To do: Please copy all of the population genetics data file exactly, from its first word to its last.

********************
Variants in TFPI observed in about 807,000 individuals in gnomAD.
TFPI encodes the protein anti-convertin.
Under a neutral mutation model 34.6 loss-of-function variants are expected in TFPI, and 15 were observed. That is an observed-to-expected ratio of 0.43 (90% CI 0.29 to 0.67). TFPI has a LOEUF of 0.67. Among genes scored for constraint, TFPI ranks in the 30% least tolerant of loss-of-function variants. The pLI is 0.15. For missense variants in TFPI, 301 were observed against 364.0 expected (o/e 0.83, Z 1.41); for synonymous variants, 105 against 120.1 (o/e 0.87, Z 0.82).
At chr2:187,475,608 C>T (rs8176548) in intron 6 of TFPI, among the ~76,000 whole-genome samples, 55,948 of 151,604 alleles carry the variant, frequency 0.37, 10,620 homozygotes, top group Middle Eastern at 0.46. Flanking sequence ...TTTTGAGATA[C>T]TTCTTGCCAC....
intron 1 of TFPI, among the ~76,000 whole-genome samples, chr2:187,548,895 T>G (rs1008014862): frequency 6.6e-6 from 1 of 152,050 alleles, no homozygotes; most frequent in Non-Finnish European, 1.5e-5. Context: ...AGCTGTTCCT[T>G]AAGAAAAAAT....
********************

Variants in TFPI observed in about 807,000 individuals in gnomAD.
TFPI encodes the protein anti-convertin.
Under a neutral mutation model 34.6 loss-of-function variants are expected in TFPI, and 15 were observed. That is an observed-to-expected ratio of 0.43 (90% CI 0.29 to 0.67). TFPI has a LOEUF of 0.67. Among genes scored for constraint, TFPI ranks in the 30% least tolerant of loss-of-function variants. The pLI is 0.15. For missense variants in TFPI, 301 were observed against 364.0 expected (o/e 0.83, Z 1.41); for synonymous variants, 105 against 120.1 (o/e 0.87, Z 0.82).
At chr2:187,475,608 C>T (rs8176548) in intron 6 of TFPI, among the ~76,000 whole-genome samples, 55,948 of 151,604 alleles carry the variant, frequency 0.37, 10,620 homozygotes, top group Middle Eastern at 0.46. Flanking sequence ...TTTTGAGATA[C>T]TTCTTGCCAC....
intron 1 of TFPI, among the ~76,000 whole-genome samples, chr2:187,548,895 T>G (rs1008014862): frequency 6.6e-6 from 1 of 152,050 alleles, no homozygotes; most frequent in Non-Finnish European, 1.5e-5. Context: ...AGCTGTTCCT[T>G]AAGAAAAAAT....